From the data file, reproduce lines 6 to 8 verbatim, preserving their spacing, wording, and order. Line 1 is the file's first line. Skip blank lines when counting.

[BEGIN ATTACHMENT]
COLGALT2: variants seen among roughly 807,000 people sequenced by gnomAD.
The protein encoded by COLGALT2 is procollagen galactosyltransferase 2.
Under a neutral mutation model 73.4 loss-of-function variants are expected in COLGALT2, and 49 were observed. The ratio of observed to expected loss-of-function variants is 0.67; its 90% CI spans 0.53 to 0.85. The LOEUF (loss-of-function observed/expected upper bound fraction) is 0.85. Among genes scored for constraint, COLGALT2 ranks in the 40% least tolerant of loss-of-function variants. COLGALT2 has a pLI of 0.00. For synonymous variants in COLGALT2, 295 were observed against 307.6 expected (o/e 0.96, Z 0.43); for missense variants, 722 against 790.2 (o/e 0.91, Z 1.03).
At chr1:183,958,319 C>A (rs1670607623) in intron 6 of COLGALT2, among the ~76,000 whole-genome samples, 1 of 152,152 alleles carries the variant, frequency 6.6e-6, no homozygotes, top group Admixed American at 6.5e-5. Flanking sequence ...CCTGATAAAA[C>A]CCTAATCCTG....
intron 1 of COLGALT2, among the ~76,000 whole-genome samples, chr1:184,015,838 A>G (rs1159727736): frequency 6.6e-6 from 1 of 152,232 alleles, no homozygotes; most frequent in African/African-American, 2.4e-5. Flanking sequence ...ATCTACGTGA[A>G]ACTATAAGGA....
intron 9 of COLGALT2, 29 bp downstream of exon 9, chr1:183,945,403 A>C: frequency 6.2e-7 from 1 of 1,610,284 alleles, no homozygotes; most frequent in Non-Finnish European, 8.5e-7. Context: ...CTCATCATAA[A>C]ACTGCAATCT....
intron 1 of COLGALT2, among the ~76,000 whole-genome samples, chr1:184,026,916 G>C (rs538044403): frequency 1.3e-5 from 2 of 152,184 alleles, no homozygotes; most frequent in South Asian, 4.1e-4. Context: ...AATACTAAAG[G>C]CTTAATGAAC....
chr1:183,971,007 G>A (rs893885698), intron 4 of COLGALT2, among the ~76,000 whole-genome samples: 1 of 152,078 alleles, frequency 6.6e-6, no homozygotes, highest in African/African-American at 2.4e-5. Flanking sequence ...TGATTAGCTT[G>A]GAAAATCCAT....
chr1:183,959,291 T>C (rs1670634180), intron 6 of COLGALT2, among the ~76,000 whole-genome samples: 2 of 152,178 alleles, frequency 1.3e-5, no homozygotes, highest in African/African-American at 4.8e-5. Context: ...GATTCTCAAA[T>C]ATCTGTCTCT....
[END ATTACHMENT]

intron 9 of COLGALT2, 29 bp downstream of exon 9, chr1:183,945,403 A>C: frequency 6.2e-7 from 1 of 1,610,284 alleles, no homozygotes; most frequent in Non-Finnish European, 8.5e-7. Context: ...CTCATCATAA[A>C]ACTGCAATCT....
intron 1 of COLGALT2, among the ~76,000 whole-genome samples, chr1:184,026,916 G>C (rs538044403): frequency 1.3e-5 from 2 of 152,184 alleles, no homozygotes; most frequent in South Asian, 4.1e-4. Context: ...AATACTAAAG[G>C]CTTAATGAAC....
chr1:183,971,007 G>A (rs893885698), intron 4 of COLGALT2, among the ~76,000 whole-genome samples: 1 of 152,078 alleles, frequency 6.6e-6, no homozygotes, highest in African/African-American at 2.4e-5. Flanking sequence ...TGATTAGCTT[G>A]GAAAATCCAT....